# What is the principle behind centrifugation?

What is the principle behind centrifugation?

I understand the idea that you spin something around the centripetal force will cause an apparent force on the spinning system. However I don't quite grasp how particles (in the non subatomic sense) with different density should be affected differently.

Quite coarsely, I would expect to write down Newton's second law, but then the mass would simplify and the acceleration of every particle would be the same, regardless of mass.

Is friction the answer? Or am I missing something silly?

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The acceleration for different masses is not the same as is the velocity. Newton's 2nd law in the rotating frame would include the viscous force along with the centrifugal force and hence, mass would not be immaterial.Moreover,all particle in the rotating liquid quickly attain their critical velocities which is strongly dependent on the densities.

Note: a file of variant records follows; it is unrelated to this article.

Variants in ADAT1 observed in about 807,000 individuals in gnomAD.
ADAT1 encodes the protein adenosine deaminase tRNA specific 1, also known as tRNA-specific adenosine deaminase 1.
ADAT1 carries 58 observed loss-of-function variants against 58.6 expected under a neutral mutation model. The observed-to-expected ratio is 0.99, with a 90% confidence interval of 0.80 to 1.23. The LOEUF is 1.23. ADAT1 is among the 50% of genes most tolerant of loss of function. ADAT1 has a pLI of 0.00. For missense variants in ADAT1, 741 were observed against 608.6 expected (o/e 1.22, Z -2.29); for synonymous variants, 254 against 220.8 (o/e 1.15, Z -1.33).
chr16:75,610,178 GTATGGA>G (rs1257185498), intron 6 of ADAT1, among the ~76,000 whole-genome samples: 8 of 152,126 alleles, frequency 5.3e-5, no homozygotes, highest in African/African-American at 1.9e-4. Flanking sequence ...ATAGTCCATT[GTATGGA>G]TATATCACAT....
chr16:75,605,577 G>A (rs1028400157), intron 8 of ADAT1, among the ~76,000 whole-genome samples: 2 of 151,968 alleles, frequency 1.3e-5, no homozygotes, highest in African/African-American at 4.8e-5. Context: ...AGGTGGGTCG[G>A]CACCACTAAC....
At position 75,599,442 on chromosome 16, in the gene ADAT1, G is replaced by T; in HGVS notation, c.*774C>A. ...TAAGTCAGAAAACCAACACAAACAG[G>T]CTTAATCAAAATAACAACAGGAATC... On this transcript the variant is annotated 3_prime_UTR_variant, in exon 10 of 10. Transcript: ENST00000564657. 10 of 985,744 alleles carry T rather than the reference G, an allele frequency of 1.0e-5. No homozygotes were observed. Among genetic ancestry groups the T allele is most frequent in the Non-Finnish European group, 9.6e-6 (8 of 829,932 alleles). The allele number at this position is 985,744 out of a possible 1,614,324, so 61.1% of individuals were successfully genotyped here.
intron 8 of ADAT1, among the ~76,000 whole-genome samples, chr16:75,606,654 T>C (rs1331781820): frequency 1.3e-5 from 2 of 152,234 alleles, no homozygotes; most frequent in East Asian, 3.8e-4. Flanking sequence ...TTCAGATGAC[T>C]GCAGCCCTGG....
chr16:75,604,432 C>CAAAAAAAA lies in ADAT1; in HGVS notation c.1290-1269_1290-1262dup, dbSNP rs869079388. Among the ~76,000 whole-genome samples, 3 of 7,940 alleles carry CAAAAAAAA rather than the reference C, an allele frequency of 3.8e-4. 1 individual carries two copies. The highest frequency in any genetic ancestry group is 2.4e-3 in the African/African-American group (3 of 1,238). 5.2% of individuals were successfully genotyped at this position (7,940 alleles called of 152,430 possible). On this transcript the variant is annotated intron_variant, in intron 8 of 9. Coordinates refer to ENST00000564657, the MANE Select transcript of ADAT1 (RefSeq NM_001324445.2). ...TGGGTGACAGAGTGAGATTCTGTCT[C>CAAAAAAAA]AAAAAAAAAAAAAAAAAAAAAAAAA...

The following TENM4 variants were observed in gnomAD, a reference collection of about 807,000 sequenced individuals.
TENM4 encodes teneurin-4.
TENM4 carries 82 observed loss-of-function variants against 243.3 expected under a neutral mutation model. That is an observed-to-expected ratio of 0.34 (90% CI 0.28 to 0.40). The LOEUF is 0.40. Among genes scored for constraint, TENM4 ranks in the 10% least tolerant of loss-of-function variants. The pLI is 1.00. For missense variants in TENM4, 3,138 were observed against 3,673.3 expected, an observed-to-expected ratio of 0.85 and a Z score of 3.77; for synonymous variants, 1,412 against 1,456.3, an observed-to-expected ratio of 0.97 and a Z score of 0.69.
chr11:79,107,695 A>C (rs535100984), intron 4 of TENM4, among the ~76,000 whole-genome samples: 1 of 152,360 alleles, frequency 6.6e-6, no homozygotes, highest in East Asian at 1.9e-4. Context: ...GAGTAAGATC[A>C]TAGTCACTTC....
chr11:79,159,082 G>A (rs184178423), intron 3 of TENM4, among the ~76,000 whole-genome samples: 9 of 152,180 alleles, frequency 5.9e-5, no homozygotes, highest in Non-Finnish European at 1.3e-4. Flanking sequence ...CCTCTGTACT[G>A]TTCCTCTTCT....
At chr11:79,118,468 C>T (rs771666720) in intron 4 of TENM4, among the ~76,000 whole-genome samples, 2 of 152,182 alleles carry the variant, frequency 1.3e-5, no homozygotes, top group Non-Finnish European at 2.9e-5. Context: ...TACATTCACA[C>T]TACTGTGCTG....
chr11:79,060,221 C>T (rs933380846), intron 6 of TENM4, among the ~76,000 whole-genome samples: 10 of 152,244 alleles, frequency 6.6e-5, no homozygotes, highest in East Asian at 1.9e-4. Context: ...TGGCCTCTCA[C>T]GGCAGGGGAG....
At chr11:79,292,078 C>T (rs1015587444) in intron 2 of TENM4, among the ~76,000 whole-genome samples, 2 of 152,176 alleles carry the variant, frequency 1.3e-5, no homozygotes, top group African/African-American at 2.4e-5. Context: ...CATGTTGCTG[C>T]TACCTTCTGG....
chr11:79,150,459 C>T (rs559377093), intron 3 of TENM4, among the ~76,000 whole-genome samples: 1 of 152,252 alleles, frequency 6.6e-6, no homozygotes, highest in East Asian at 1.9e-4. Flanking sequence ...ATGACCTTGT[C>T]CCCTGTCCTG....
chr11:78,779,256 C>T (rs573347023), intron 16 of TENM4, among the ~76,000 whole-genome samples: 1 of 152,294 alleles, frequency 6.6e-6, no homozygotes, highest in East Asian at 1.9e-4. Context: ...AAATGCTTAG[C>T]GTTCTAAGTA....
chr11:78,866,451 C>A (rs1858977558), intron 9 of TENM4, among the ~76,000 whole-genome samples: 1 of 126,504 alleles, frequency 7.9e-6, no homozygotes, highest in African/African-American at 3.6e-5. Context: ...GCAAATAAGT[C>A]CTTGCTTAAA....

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You are missing buoyant force. Let us take a simple example when you pour some dirt in water and shake after some time more dense object settle.Why ? Because of buoyant force $$F=mg-V_{obj}d_{fluid}g$$ $$a=g-\frac{d_{fluid}}{d_{obj}}g$$ Hence the less dense object remain suspended for a long time.

In the same way, in centrifuge there is outward acceleration same a $g$(due to centrifugal force) but greater in magnitude and buoyant force due to that.Hence dense particles moves away from the axis and less dense particles towards the axis.
Although to an "inertial observer" the spinning centrifuge does not produce a "real force" it does increase the pressure within the fluid,but to an observer "in the test tube" it is same as increasing the gravitational force.

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